New NSW Bill: Industrial Manslaughter Offenders Face 25 Years Jail Time

New NSW Bill: Industrial Manslaughter Offenders Face 25 Years Jail Time

A groundbreaking bill has been unveiled in New South Wales, introducing the toughest penalties for industrial manslaughter across Australia. The Work Health and Safety Amendment (Industrial Manslaughter) Bill 2024, presented to the Legislative Assembly on June 4, 2024, aims to establish stringent measures against negligence resulting in workplace fatalities.

Key Elements of the Offence:

The proposed legislation outlines that a person conducting a business or undertaking (PCBU) or an officer can be found guilty of industrial manslaughter if their gross negligence leads to the death of a worker or anyone owed a duty of care. Notably, the bill extends coverage to gig workers like food delivery riders, broadening the scope of accountability.


Individuals convicted under this law could face up to 25 years in prison, while corporations could be fined up to $20 million. These penalties, surpassing those recommended in the Model Work Health and Safety Act, align with manslaughter charges under the Crimes Act 1990, emphasising the gravity of negligent conduct resulting in loss of life.

Legal Procedures:

The bill eliminates any limitation period for prosecuting industrial manslaughter cases and allows for alternative verdicts of a Category 1 offence. Proceedings against individuals charged with this offence will be treated as indictable, ensuring a trial by jury. On the other hand, corporations may face summary or indictable proceedings, handled respectively by SafeWork NSW, the NSW Resources Regulator, or the Office of the Director of Public Prosecutions.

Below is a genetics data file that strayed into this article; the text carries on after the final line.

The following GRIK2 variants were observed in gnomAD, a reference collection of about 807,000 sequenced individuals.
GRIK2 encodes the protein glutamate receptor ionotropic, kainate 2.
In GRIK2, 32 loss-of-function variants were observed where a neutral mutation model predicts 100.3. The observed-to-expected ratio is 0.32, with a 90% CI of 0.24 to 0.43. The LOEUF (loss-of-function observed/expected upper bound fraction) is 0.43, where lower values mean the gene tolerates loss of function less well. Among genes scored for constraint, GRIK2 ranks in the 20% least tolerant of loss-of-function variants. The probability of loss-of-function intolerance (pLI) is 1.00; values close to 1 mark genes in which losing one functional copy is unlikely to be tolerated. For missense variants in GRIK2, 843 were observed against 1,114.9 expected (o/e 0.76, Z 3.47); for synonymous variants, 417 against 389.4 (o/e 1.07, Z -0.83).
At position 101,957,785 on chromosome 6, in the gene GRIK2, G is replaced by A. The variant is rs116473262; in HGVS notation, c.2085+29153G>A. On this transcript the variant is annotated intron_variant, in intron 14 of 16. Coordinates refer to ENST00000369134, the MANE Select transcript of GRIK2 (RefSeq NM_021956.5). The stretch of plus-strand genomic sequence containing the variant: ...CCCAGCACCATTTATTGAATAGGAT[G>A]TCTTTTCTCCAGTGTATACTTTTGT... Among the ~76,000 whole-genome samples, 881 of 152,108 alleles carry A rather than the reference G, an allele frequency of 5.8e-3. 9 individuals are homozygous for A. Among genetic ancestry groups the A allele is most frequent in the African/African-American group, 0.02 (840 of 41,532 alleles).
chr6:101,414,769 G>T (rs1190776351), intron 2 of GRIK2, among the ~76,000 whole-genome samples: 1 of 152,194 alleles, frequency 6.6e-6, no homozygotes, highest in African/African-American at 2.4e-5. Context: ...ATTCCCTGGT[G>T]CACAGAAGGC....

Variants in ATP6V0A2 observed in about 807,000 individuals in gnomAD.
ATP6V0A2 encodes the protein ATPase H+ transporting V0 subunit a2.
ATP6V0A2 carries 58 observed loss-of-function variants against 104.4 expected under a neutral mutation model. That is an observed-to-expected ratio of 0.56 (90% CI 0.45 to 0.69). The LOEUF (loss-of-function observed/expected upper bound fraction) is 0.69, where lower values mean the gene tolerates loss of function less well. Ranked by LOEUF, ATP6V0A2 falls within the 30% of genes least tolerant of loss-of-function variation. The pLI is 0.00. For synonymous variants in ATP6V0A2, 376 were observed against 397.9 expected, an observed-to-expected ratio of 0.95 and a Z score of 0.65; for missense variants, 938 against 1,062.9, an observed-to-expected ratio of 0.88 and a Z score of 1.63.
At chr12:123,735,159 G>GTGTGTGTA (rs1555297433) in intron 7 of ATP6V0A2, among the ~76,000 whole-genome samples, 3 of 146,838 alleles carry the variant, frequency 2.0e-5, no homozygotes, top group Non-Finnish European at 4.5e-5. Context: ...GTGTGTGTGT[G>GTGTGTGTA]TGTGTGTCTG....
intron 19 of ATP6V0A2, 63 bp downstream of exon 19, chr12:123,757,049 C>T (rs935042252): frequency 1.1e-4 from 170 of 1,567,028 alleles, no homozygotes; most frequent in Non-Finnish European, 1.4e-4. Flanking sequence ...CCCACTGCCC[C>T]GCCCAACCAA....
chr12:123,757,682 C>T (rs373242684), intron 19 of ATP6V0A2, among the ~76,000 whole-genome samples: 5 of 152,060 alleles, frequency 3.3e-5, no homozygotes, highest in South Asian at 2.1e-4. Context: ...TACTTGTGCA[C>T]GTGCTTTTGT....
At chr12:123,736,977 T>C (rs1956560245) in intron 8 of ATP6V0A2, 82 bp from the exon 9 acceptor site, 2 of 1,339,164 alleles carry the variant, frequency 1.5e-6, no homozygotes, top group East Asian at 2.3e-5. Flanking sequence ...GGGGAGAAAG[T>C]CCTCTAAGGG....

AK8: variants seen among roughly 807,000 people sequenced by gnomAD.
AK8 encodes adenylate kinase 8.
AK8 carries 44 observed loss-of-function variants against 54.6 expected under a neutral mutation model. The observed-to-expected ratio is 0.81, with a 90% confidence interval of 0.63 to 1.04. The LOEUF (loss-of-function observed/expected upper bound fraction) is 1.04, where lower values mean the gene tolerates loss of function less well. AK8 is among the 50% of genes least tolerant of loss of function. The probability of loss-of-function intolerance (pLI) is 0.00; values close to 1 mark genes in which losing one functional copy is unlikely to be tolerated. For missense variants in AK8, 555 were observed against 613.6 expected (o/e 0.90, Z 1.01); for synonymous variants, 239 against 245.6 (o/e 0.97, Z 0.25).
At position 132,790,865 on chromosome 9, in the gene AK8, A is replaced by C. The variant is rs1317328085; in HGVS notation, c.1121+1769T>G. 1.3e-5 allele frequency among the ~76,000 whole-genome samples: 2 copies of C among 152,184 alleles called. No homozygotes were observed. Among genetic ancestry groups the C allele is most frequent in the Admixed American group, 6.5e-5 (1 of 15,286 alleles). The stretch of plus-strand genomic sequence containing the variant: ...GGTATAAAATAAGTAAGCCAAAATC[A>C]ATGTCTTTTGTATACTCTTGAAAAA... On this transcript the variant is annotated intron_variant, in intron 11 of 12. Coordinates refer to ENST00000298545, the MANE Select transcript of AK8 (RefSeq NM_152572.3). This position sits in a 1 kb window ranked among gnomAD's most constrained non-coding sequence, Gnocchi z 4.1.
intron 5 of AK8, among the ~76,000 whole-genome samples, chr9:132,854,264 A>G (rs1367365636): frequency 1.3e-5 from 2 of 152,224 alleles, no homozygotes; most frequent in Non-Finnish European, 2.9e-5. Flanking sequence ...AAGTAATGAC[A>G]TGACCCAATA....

Attribution of Negligence:

A new provision clarifies how gross negligence is attributed to corporations, acknowledging collective responsibility for inadequate management or failure to provide adequate systems. This provision underscores the accountability of organizations as a whole for negligent conduct.

Future Implementation:

The commencement of the industrial manslaughter provisions is contingent upon the bill’s passing and subsequent proclamation. Once enacted, these provisions will mark a significant step towards ensuring workplace safety and holding accountable those responsible for preventable fatalities.

For further inquiries regarding the implications of the new bill or any other employment-related concerns, individuals are encouraged to reach out to Sarah Cappello Partner in our Workplace Relations team, at 9391 3113. Sarah and our team are equipped to provide guidance and support on navigating the intricacies of workplace legislation and ensuring compliance with evolving regulatory frameworks.

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